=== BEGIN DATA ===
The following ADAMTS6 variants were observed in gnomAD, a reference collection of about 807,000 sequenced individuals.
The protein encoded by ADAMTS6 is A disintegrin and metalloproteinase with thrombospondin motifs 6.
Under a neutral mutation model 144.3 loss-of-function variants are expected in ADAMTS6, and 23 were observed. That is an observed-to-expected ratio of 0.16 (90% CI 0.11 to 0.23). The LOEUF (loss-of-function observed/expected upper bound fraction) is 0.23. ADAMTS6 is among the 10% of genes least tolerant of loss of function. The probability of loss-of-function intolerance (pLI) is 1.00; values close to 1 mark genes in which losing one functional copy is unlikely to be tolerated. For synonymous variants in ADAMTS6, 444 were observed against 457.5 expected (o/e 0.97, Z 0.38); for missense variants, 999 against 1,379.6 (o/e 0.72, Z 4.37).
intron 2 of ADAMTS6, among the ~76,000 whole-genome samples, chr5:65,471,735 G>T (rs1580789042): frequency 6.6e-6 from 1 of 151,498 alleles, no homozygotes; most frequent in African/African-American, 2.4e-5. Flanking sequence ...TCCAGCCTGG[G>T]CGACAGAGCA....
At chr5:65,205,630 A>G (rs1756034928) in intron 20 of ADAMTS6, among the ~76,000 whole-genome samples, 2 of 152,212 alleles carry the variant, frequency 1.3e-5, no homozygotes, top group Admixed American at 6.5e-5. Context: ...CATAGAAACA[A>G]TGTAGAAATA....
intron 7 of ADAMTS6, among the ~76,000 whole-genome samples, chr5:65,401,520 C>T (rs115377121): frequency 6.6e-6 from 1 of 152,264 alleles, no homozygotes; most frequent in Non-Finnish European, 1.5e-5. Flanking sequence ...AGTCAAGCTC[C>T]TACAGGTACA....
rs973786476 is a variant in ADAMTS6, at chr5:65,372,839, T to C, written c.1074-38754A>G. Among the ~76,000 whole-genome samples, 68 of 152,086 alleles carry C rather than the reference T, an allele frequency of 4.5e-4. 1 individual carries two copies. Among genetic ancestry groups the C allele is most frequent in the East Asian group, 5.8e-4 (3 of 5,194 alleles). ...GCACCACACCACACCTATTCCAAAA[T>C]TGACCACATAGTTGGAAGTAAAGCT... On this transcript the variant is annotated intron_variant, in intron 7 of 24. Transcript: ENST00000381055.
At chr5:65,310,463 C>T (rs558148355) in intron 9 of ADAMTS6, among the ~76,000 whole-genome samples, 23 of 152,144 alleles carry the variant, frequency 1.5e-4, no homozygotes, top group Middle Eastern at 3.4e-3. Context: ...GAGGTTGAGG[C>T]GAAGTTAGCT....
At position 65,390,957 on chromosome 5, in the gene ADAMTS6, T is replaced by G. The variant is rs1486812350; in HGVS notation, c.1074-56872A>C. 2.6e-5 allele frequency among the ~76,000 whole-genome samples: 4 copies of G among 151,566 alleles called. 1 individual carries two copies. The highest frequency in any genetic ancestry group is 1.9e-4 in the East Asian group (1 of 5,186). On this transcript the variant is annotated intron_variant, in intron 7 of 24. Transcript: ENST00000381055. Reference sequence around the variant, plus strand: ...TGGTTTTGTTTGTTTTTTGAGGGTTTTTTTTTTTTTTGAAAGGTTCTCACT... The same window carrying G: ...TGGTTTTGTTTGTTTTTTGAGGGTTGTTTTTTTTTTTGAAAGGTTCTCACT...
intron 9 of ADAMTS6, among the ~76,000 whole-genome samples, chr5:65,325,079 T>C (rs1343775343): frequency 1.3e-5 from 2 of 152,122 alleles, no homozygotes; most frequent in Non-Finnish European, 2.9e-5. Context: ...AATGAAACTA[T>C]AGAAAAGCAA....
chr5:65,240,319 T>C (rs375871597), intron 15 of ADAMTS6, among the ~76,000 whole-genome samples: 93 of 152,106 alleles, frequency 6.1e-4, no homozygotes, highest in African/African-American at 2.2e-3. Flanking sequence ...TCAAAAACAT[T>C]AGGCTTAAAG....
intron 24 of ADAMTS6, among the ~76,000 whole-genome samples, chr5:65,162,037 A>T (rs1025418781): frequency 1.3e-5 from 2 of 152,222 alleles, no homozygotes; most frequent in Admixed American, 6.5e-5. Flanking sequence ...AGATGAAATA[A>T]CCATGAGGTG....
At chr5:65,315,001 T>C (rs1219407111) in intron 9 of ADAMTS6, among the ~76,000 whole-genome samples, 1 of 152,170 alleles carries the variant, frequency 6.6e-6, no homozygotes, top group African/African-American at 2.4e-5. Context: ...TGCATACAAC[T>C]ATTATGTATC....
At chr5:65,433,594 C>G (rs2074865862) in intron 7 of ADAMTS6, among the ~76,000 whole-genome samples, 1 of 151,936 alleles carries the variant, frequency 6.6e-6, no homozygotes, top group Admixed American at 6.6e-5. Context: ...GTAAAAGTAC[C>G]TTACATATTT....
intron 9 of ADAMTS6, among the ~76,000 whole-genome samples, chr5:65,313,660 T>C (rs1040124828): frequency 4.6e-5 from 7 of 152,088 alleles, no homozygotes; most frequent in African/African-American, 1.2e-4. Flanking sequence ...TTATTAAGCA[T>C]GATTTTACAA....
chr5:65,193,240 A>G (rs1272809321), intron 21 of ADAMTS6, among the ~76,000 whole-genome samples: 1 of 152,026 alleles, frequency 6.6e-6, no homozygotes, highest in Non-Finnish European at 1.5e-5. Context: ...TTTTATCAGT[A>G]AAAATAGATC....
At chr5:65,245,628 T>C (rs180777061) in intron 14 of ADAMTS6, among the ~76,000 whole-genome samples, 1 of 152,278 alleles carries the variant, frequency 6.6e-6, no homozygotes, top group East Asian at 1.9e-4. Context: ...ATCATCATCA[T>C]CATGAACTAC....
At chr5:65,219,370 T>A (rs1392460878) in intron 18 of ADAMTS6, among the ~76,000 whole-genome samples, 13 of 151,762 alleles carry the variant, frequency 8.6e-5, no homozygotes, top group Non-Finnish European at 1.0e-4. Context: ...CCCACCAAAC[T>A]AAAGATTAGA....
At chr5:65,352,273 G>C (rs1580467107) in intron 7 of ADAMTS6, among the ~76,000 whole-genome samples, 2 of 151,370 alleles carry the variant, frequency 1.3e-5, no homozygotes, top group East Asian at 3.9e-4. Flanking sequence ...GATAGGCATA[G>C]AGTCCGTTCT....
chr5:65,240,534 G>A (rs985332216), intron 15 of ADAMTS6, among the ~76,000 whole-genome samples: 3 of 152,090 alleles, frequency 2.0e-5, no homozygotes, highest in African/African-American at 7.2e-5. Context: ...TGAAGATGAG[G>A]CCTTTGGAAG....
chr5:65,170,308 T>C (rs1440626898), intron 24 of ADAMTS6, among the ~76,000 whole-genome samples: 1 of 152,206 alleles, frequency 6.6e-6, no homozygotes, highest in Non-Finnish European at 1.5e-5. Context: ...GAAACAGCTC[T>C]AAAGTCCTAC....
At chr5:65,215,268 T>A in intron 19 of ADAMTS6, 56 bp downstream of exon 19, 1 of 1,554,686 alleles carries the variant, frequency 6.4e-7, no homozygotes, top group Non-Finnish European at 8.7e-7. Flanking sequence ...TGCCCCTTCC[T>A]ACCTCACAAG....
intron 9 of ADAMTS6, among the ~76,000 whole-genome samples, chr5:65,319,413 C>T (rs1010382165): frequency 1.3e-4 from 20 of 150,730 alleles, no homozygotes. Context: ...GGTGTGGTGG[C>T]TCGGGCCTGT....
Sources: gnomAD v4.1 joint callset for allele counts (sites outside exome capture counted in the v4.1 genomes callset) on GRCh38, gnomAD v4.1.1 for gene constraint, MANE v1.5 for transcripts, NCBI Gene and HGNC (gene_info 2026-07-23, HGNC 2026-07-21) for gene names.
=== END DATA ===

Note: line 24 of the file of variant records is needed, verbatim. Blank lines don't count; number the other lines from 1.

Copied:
Sources: gnomAD v4.1 joint callset for allele counts (sites outside exome capture counted in the v4.1 genomes callset) on GRCh38, gnomAD v4.1.1 for gene constraint, MANE v1.5 for transcripts, NCBI Gene and HGNC (gene_info 2026-07-23, HGNC 2026-07-21) for gene names.